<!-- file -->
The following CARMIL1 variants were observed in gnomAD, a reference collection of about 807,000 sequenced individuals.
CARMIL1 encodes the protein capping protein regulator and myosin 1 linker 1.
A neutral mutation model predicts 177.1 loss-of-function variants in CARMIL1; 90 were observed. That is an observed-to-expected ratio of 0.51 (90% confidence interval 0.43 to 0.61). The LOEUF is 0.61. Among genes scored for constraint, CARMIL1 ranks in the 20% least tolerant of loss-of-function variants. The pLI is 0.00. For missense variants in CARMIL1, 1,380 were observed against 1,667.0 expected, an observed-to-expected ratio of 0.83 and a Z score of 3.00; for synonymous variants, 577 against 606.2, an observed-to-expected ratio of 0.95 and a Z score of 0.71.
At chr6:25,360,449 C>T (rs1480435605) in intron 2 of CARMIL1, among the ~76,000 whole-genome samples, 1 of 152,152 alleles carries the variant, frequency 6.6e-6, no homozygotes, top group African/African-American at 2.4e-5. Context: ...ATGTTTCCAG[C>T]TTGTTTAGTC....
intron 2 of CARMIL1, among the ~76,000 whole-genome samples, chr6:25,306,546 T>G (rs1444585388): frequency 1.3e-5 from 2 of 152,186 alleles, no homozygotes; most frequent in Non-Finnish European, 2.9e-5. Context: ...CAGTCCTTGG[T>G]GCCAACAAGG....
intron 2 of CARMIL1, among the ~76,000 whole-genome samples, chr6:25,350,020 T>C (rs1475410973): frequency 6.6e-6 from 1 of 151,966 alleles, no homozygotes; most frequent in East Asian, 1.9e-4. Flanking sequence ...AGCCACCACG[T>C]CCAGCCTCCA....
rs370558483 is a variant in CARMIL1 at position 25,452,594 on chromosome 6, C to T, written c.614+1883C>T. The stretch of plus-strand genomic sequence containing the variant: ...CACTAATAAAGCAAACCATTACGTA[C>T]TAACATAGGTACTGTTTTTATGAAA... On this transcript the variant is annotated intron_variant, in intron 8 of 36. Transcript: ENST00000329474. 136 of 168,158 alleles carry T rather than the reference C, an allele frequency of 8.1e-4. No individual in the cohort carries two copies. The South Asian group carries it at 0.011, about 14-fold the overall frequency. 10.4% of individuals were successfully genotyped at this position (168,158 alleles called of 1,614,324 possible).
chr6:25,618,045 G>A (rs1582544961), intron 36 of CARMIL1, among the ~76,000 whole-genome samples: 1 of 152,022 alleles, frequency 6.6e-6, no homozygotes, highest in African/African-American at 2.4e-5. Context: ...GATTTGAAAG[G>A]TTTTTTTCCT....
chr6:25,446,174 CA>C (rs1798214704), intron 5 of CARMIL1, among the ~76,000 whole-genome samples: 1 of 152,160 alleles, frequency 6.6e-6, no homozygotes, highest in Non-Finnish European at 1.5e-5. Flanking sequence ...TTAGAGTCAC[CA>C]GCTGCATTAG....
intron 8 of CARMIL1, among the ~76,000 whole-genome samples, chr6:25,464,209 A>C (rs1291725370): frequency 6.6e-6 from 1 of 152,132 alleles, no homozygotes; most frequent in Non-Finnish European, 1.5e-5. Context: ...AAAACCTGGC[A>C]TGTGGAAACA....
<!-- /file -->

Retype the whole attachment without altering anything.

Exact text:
The following CARMIL1 variants were observed in gnomAD, a reference collection of about 807,000 sequenced individuals.
CARMIL1 encodes the protein capping protein regulator and myosin 1 linker 1.
A neutral mutation model predicts 177.1 loss-of-function variants in CARMIL1; 90 were observed. That is an observed-to-expected ratio of 0.51 (90% confidence interval 0.43 to 0.61). The LOEUF is 0.61. Among genes scored for constraint, CARMIL1 ranks in the 20% least tolerant of loss-of-function variants. The pLI is 0.00. For missense variants in CARMIL1, 1,380 were observed against 1,667.0 expected, an observed-to-expected ratio of 0.83 and a Z score of 3.00; for synonymous variants, 577 against 606.2, an observed-to-expected ratio of 0.95 and a Z score of 0.71.
At chr6:25,360,449 C>T (rs1480435605) in intron 2 of CARMIL1, among the ~76,000 whole-genome samples, 1 of 152,152 alleles carries the variant, frequency 6.6e-6, no homozygotes, top group African/African-American at 2.4e-5. Context: ...ATGTTTCCAG[C>T]TTGTTTAGTC....
intron 2 of CARMIL1, among the ~76,000 whole-genome samples, chr6:25,306,546 T>G (rs1444585388): frequency 1.3e-5 from 2 of 152,186 alleles, no homozygotes; most frequent in Non-Finnish European, 2.9e-5. Context: ...CAGTCCTTGG[T>G]GCCAACAAGG....
intron 2 of CARMIL1, among the ~76,000 whole-genome samples, chr6:25,350,020 T>C (rs1475410973): frequency 6.6e-6 from 1 of 151,966 alleles, no homozygotes; most frequent in East Asian, 1.9e-4. Flanking sequence ...AGCCACCACG[T>C]CCAGCCTCCA....
rs370558483 is a variant in CARMIL1 at position 25,452,594 on chromosome 6, C to T, written c.614+1883C>T. The stretch of plus-strand genomic sequence containing the variant: ...CACTAATAAAGCAAACCATTACGTA[C>T]TAACATAGGTACTGTTTTTATGAAA... On this transcript the variant is annotated intron_variant, in intron 8 of 36. Transcript: ENST00000329474. 136 of 168,158 alleles carry T rather than the reference C, an allele frequency of 8.1e-4. No individual in the cohort carries two copies. The South Asian group carries it at 0.011, about 14-fold the overall frequency. 10.4% of individuals were successfully genotyped at this position (168,158 alleles called of 1,614,324 possible).
chr6:25,618,045 G>A (rs1582544961), intron 36 of CARMIL1, among the ~76,000 whole-genome samples: 1 of 152,022 alleles, frequency 6.6e-6, no homozygotes, highest in African/African-American at 2.4e-5. Context: ...GATTTGAAAG[G>A]TTTTTTTCCT....
chr6:25,446,174 CA>C (rs1798214704), intron 5 of CARMIL1, among the ~76,000 whole-genome samples: 1 of 152,160 alleles, frequency 6.6e-6, no homozygotes, highest in Non-Finnish European at 1.5e-5. Flanking sequence ...TTAGAGTCAC[CA>C]GCTGCATTAG....
intron 8 of CARMIL1, among the ~76,000 whole-genome samples, chr6:25,464,209 A>C (rs1291725370): frequency 6.6e-6 from 1 of 152,132 alleles, no homozygotes; most frequent in Non-Finnish European, 1.5e-5. Context: ...AAAACCTGGC[A>C]TGTGGAAACA....